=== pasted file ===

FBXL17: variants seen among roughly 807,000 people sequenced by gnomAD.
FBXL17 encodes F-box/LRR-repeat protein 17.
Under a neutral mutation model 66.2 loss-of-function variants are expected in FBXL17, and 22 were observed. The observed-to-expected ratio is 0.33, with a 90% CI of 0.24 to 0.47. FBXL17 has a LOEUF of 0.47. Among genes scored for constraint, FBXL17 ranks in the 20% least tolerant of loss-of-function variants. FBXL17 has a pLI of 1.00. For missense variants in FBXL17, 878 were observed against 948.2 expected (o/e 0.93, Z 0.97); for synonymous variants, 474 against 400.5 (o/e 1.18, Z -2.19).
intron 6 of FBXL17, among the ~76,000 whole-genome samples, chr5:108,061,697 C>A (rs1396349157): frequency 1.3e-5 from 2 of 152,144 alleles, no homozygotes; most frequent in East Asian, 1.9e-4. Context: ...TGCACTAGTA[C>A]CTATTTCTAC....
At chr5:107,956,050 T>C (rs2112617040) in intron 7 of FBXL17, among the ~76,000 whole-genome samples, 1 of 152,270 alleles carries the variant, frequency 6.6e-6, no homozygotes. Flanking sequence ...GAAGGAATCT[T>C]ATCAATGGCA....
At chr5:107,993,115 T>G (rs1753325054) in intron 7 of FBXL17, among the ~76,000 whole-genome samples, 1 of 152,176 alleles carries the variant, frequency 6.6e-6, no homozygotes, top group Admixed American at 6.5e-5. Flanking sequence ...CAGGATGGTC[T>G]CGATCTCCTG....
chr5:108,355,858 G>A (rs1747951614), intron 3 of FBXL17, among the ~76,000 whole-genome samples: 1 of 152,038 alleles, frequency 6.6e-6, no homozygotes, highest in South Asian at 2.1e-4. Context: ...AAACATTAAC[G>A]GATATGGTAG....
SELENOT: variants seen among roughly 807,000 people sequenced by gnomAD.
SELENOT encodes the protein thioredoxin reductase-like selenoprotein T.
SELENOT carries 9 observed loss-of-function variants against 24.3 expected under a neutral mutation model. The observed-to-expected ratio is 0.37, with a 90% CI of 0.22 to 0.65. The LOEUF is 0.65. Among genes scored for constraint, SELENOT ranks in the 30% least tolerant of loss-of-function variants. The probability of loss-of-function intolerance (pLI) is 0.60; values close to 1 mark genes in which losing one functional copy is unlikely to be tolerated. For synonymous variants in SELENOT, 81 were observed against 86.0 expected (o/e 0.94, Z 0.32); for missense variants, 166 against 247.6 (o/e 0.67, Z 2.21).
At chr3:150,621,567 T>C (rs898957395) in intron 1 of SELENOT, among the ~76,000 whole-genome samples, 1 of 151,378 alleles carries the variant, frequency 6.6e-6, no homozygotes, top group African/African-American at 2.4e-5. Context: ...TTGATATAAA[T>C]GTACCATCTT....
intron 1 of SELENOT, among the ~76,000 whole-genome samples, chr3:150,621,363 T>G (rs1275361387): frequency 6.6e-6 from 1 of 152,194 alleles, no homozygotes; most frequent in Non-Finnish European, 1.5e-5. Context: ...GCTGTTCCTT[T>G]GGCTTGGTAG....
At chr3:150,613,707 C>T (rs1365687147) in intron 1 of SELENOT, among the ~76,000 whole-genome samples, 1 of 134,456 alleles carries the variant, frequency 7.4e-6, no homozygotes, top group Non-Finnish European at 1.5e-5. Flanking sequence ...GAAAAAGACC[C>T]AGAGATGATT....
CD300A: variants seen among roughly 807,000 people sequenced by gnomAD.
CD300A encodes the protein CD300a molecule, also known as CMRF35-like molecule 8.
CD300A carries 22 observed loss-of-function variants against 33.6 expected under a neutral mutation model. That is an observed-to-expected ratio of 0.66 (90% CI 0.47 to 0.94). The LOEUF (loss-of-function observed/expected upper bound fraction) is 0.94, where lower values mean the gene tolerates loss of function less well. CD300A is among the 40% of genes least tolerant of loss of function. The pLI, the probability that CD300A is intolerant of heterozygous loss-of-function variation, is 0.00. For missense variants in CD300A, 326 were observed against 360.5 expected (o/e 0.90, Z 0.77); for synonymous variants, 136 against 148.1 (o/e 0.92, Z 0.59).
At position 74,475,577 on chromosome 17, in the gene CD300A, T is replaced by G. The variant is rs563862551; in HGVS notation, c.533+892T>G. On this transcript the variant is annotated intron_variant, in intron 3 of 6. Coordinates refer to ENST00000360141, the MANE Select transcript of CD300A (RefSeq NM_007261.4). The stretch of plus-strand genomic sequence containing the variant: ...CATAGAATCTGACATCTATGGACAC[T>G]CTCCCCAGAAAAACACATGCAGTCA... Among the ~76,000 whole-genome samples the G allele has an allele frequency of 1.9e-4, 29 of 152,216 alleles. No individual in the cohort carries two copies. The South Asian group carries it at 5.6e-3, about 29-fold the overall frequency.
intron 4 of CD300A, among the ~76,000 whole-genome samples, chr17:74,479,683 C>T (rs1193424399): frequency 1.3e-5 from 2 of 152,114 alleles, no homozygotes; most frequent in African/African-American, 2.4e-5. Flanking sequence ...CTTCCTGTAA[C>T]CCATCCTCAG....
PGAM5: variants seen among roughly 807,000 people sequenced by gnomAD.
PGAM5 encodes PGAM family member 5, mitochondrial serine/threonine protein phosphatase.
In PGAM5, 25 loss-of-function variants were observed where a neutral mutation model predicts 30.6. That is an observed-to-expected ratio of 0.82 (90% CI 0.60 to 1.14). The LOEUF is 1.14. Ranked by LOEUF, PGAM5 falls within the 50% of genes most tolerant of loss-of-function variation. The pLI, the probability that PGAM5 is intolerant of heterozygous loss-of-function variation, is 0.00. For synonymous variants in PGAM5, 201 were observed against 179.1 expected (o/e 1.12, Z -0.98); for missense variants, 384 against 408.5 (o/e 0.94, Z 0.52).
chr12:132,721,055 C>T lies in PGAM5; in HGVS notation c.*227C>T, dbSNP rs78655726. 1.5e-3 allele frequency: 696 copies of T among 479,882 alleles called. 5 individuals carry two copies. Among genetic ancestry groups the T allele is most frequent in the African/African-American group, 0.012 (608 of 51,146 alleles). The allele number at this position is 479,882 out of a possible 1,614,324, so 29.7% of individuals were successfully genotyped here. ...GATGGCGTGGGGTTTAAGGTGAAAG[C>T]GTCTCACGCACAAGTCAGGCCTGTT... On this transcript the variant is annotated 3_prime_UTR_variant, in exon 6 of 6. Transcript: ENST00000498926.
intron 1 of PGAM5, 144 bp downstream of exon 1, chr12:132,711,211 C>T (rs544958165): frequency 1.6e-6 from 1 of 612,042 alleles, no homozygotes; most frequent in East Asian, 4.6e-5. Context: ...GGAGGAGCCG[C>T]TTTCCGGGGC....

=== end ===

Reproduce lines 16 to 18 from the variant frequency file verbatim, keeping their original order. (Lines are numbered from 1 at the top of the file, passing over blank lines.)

CD300A carries 22 observed loss-of-function variants against 33.6 expected under a neutral mutation model. That is an observed-to-expected ratio of 0.66 (90% CI 0.47 to 0.94). The LOEUF (loss-of-function observed/expected upper bound fraction) is 0.94, where lower values mean the gene tolerates loss of function less well. CD300A is among the 40% of genes least tolerant of loss of function. The pLI, the probability that CD300A is intolerant of heterozygous loss-of-function variation, is 0.00. For missense variants in CD300A, 326 were observed against 360.5 expected (o/e 0.90, Z 0.77); for synonymous variants, 136 against 148.1 (o/e 0.92, Z 0.59).
At position 74,475,577 on chromosome 17, in the gene CD300A, T is replaced by G. The variant is rs563862551; in HGVS notation, c.533+892T>G. On this transcript the variant is annotated intron_variant, in intron 3 of 6. Coordinates refer to ENST00000360141, the MANE Select transcript of CD300A (RefSeq NM_007261.4). The stretch of plus-strand genomic sequence containing the variant: ...CATAGAATCTGACATCTATGGACAC[T>G]CTCCCCAGAAAAACACATGCAGTCA... Among the ~76,000 whole-genome samples the G allele has an allele frequency of 1.9e-4, 29 of 152,216 alleles. No individual in the cohort carries two copies. The South Asian group carries it at 5.6e-3, about 29-fold the overall frequency.
intron 4 of CD300A, among the ~76,000 whole-genome samples, chr17:74,479,683 C>T (rs1193424399): frequency 1.3e-5 from 2 of 152,114 alleles, no homozygotes; most frequent in African/African-American, 2.4e-5. Flanking sequence ...CTTCCTGTAA[C>T]CCATCCTCAG....